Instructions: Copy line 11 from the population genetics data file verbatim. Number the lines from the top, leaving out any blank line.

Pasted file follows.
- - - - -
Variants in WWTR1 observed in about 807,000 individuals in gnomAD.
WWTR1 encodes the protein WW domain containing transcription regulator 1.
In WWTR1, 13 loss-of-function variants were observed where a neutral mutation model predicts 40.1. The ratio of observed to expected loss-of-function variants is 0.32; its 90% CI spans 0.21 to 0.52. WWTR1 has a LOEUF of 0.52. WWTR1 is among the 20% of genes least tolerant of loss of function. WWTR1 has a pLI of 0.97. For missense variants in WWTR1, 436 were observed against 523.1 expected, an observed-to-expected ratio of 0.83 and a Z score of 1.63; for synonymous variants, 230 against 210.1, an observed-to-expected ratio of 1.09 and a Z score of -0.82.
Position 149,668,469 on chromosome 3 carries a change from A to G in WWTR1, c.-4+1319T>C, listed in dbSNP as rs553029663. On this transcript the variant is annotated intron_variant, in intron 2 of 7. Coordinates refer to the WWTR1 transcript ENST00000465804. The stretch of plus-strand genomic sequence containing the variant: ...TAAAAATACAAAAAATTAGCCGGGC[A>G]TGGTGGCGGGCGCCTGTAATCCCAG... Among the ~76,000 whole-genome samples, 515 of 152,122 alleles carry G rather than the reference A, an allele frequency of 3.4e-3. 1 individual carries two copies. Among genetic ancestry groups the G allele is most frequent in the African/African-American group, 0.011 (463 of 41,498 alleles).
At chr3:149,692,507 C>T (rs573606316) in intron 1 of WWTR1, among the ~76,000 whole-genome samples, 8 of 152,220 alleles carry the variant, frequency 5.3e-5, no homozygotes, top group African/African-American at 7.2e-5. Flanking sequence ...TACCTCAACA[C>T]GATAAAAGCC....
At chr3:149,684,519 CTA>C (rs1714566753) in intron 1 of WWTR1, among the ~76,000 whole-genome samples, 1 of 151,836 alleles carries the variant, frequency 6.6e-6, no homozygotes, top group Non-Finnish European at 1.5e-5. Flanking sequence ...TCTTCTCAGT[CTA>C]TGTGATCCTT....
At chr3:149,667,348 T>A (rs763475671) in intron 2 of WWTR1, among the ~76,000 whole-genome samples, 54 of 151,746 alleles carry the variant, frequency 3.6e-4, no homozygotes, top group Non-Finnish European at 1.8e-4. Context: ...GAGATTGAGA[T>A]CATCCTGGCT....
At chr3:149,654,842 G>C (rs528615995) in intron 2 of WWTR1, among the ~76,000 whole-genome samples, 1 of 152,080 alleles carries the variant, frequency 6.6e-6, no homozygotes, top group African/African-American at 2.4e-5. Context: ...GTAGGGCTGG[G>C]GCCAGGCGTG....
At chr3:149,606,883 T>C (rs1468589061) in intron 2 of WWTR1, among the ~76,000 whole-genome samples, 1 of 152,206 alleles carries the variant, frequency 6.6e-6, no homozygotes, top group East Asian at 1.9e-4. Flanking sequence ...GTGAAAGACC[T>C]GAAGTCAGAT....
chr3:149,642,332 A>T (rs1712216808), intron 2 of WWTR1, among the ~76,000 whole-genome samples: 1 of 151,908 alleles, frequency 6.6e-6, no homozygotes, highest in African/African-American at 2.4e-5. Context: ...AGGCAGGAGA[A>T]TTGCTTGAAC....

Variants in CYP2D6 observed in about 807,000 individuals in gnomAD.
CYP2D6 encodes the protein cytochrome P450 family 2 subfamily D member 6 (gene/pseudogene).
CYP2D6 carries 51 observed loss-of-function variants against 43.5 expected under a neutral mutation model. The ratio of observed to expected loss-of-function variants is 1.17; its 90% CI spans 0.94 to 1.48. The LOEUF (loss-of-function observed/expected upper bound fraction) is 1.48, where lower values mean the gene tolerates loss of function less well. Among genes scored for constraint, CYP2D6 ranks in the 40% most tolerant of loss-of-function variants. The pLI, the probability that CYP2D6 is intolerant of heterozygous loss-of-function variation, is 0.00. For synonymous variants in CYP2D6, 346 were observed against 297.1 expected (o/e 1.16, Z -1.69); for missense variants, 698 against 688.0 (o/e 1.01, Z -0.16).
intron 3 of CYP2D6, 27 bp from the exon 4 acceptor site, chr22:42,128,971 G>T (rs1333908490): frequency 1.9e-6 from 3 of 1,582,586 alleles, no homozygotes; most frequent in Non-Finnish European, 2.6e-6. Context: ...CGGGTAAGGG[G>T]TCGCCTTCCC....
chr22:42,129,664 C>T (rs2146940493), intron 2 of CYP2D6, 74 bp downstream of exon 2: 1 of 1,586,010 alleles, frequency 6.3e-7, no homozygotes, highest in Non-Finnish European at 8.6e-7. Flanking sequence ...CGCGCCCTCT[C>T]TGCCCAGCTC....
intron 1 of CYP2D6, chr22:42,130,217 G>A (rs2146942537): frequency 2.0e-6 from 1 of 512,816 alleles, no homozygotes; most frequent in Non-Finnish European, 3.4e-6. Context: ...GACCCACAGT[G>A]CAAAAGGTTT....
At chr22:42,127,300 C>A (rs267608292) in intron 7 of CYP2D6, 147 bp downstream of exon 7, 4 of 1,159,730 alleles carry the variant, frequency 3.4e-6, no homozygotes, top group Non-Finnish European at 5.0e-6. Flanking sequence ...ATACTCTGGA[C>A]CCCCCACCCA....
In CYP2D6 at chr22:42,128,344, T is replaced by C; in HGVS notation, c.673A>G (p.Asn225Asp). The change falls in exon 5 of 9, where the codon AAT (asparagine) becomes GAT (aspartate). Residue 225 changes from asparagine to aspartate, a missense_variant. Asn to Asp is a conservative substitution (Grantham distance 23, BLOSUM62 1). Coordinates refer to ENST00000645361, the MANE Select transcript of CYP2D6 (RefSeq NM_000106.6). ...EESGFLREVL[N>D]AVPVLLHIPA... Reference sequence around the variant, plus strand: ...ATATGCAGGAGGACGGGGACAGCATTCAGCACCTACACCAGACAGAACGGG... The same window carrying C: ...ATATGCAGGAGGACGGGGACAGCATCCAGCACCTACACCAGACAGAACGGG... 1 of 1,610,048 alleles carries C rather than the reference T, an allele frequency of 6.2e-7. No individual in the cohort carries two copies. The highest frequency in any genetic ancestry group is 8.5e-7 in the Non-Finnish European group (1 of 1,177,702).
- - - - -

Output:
Variants in CYP2D6 observed in about 807,000 individuals in gnomAD.